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New York May Develop Life Policy Disclosure Rules

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What You Need to Know

  • An NAIC committee formed the Life Insurance Illustrations Working Group in 2016.
  • The working group chair report said states should become the laboratories for disclosure standards.
  • The committee disbanded the working group and put the disclosure standards effort back in the hands of the states.

The National Association of Insurance Commissioners may have set off a race by New York and other states to develop their own life insurance policy disclosure rules.

Members of the NAIC’s Life Insurance and Annuities Committee freed states to create their own disclosure rules last month, by voting at an in-person session in San Diego to kill the committee’s Life Insurance Illustrations Working Group.

What It Means for Agents

If states move forward with their own life policy disclosure efforts, financial professionals with multi-state practices and multi-state clients could have to keep track of life policy disclosure forms and rules for multiple states.

A life insurance agent who had a licenses in California, New York and Texas, and a client with homes in Dallas, Los Angeles and New York, might have to figure out which form, or forms, to give the client, and how, instead of just having to give the client one national form.

A flurry of new state-specific life disclosure forms and rules also could be burdensome for national life insurance web brokers, which often try to sell insurance in all, or nearly all, states.

The History

The NAIC is a Kansas City, Missouri-based group for state insurance regulators. It does not set major laws and regulations directly, but states often start with NAIC “models,” or sample language, when developing their own laws and regulations.

The NAIC’s Life Insurance and Annuities Committee formed the Life Insurance Illustrations Working Group in 2016, in response to requests by regulators, insurers and consumer groups for national standards for documents that could help consumers understand life insurance policies.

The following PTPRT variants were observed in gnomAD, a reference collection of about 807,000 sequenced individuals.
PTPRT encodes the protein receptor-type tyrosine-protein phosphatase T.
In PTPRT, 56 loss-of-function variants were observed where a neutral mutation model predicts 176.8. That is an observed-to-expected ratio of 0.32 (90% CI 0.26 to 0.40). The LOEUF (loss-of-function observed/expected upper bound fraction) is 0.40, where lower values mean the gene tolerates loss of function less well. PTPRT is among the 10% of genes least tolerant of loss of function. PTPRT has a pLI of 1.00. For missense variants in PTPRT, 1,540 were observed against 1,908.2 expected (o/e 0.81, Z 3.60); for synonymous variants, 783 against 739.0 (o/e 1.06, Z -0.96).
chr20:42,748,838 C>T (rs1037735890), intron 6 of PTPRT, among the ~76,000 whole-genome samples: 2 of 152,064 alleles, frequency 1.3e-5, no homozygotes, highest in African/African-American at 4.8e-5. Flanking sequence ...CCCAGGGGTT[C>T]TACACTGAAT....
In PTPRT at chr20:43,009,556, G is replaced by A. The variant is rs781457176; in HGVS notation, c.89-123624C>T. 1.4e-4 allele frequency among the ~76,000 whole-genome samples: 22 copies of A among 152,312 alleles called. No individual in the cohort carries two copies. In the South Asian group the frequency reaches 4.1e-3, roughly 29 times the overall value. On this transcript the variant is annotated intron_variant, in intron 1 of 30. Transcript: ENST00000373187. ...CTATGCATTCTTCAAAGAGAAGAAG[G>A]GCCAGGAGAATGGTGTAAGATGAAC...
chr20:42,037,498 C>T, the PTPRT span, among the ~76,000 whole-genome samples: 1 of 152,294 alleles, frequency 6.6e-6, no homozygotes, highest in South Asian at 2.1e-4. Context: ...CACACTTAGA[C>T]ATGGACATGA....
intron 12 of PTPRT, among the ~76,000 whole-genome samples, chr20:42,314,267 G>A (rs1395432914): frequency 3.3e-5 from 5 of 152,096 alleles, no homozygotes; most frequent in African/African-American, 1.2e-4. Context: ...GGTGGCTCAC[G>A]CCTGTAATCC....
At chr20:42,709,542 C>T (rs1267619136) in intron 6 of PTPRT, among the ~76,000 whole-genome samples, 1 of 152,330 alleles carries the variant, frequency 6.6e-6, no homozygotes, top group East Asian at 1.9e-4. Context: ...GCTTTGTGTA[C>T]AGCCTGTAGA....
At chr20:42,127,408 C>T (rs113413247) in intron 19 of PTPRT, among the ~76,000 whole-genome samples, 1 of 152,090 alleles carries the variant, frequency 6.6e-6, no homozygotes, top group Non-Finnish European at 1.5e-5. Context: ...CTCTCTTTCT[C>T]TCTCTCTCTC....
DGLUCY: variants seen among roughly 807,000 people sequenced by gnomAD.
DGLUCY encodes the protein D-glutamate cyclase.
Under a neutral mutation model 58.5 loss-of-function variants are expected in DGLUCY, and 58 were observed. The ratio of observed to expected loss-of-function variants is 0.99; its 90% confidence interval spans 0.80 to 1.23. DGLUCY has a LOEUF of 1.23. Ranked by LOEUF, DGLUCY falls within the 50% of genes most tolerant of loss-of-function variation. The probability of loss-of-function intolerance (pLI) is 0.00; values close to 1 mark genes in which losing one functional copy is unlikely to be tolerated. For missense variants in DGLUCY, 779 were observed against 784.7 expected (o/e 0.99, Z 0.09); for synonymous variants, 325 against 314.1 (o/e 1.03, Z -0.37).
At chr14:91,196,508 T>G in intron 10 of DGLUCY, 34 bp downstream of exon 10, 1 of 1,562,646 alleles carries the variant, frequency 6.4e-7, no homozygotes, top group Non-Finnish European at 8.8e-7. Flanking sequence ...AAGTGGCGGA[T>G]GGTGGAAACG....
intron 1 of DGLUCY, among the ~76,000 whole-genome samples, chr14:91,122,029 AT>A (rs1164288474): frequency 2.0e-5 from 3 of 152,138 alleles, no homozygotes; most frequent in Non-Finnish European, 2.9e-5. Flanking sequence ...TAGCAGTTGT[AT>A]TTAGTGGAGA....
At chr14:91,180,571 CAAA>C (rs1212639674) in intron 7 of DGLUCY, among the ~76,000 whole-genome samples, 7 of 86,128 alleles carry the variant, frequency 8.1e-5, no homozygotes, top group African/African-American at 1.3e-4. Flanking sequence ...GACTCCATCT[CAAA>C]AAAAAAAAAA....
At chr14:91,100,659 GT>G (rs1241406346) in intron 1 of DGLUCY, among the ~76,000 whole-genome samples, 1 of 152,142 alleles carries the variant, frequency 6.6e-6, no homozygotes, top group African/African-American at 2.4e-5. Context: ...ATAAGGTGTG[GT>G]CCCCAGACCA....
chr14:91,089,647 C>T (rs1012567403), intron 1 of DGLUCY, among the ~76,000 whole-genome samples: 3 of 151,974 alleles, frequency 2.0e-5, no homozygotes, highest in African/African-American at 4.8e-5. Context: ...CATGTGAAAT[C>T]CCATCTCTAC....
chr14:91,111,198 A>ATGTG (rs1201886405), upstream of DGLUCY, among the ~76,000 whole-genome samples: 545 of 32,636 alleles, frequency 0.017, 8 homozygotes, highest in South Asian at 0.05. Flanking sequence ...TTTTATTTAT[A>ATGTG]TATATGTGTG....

In recent years, working group members had focused on creating a short life policy summary as a tool consumers could use to make sense of policy performance illustrations.

The Chair Report

Richard Wicka, a Wisconsin regulator who had chaired the working group, concluded in a review of the working group’s efforts released in the summer, he had no indication that many states saw adopting a policy summary as a priority, and that, to his knowledge, no state had policy summary rules in effect.

Wicka suggested that a top-down approach to policy summary regulation seemed inappropriate, and that states should serve as the laboratories for developing any policy summary standards, according to a copy of his report included in a San Diego meeting document packet.

Life Insurance and Annuities Committee members talked about Wicka’s recommendations in San Diego.

My Chi To, a New York regulator, said “consumers should have clear, concise, accurate and realistic descriptions and illustrations of the complex products they purchase, which is not a controversial position,” according to the draft meeting minutes posted on the Life Insurance and Annuities Committee’s section of the NAIC’s website. She said “there are obviously different ways of achieving that goal, but that New York thinks that a uniform policy overview would have been an important step in the right direction.”

To noted that Wicka had encouraged states to experiment with life policy disclosures and disclosure models.

“She said that New York intends to take up that invitation,” according to the draft meeting minutes.

The Impact

New York is the third largest U.S. state market for life insurance, after California and Texas, according to the American Council of Life Insurers’ 2021 Life Insurers Fact Book. New York accounted for $224 billion of the $3.3 trillion in life insurance death benefits purchased in the United States in 2020.

New York insurance laws are so different from the laws in effect in most other states that many large U.S. life insurers use separate companies to do business in New York, and many small life insurers avoid doing business in New York.

In the past, one of life insurers’ goals was to encourage regulatory uniformity, in part to narrow the gap between New York and other states, or, at least, to reduce the number of states seeking to base their insurance rules on New York’s rules.

Any sign that New York is developing especially strict or detailed life policy disclosure rules could lead the NAIC or another insurance policy organization, the National Council of Insurance Legislators, to create a new national life policy disclosure rule development effort.

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Pictured: Albany, New York (Matt Wade/ALM)